University Of Tasmania

File(s) under permanent embargo

The effect of workplace lifestyle programmes on diet, physical activity, and weight-related outcomes for working women: A systematic review using the TIDieR checklist

journal contribution
posted on 2023-05-20, 19:26 authored by Seonad MaddenSeonad Madden, Cordon, EL, Bailey, C, Skouteris, H, Kiran AhujaKiran Ahuja, Andrew HillsAndrew Hills, Hill, B
Physical activity and healthy diets are essential for the prevention of obesity and chronic disease that disparately impact women compared with men. Given the number of women engaged in the workforce, workplace interventions could improve lifestyle behaviours and health outcomes for women. This systematic review aimed to identify intervention characteristics of lifestyle programmes or organizational policy changes in the workplace associated with improved diet, physical activity, or weight‐related outcomes for working women using the template for intervention description and replication (TIDieR) checklist. Seven databases were searched for controlled studies published up to March 2019 that included a workplace diet and/or physical activity intervention. From 5,318 identified records, 20 studies (23 articles and 26 intervention arms) were included. Data were extracted on diet, physical activity, weight‐related outcomes, and TIDieR components. Findings indicated that group delivery may improve physical activity outcomes, and a high number of sessions may benefit weight‐related outcomes for physical activity interventions. Mixed interventions that included tailoring and input from non‐healthcare professionals may also enhance physical activity. In contrast, the role of mixed interventions in improving diet and weight‐related outcomes was less clear. Overall, workplace health programmes were effective at improving lifestyle behaviours for working women.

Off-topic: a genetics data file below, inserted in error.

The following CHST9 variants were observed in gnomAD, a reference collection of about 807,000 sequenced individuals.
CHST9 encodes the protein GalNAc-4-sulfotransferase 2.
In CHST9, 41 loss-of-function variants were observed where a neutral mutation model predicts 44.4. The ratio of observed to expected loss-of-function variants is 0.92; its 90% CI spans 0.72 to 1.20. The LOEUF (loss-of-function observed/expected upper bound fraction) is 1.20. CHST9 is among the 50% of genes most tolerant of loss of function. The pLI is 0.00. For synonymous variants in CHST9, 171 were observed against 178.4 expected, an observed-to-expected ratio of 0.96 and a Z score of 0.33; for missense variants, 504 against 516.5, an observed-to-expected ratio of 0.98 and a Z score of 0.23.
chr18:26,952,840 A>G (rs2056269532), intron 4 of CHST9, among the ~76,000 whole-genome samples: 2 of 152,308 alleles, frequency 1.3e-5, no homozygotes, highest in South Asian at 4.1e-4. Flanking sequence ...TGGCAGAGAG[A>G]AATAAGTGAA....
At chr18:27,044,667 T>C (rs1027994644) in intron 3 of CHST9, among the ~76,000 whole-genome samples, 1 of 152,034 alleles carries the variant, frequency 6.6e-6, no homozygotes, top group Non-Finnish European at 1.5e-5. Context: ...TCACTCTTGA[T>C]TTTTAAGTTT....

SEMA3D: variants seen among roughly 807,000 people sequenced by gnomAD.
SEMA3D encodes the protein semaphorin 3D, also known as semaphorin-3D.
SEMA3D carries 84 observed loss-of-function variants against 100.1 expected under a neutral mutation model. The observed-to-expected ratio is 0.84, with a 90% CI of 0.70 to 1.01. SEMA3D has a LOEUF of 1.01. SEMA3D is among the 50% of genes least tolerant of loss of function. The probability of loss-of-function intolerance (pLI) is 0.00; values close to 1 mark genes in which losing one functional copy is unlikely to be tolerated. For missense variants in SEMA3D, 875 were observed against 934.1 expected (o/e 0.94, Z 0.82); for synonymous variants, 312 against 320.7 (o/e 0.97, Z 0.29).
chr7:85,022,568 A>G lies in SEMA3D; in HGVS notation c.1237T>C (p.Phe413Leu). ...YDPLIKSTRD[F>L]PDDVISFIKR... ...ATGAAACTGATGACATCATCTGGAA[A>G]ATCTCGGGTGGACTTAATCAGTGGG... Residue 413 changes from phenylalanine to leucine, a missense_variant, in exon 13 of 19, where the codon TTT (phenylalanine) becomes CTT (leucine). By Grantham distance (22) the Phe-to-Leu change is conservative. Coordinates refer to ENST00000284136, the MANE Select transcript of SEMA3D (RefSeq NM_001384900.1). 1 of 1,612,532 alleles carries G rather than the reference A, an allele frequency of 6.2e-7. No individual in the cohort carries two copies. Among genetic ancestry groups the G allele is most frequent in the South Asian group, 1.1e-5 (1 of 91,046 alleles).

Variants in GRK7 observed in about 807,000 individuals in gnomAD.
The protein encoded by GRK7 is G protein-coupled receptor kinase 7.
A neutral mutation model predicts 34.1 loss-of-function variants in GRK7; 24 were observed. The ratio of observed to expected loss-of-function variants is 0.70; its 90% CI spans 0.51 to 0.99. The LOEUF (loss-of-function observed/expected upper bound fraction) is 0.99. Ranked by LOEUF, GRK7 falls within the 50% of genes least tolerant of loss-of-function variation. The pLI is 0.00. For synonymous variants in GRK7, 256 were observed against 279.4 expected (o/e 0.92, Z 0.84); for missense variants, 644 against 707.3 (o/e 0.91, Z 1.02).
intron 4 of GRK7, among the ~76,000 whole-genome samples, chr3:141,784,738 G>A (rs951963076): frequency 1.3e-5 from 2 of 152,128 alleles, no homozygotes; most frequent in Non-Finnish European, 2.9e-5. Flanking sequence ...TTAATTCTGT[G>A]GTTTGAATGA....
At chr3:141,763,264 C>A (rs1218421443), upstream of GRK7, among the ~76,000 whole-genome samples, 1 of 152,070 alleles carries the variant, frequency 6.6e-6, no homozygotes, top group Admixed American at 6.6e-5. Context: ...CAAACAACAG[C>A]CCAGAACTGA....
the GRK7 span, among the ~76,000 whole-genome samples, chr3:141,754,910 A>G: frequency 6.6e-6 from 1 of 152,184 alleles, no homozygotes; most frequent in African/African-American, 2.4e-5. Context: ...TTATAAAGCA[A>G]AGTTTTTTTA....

Publication title

Obesity Reviews










School of Health Sciences


Wiley-Blackwell Publishing Ltd.

Place of publication

United Kingdom

Rights statement

Copyright 2020 World Obesity Federation

Repository Status

  • Restricted

Socio-economic Objectives

Behaviour and health

Usage metrics

    University Of Tasmania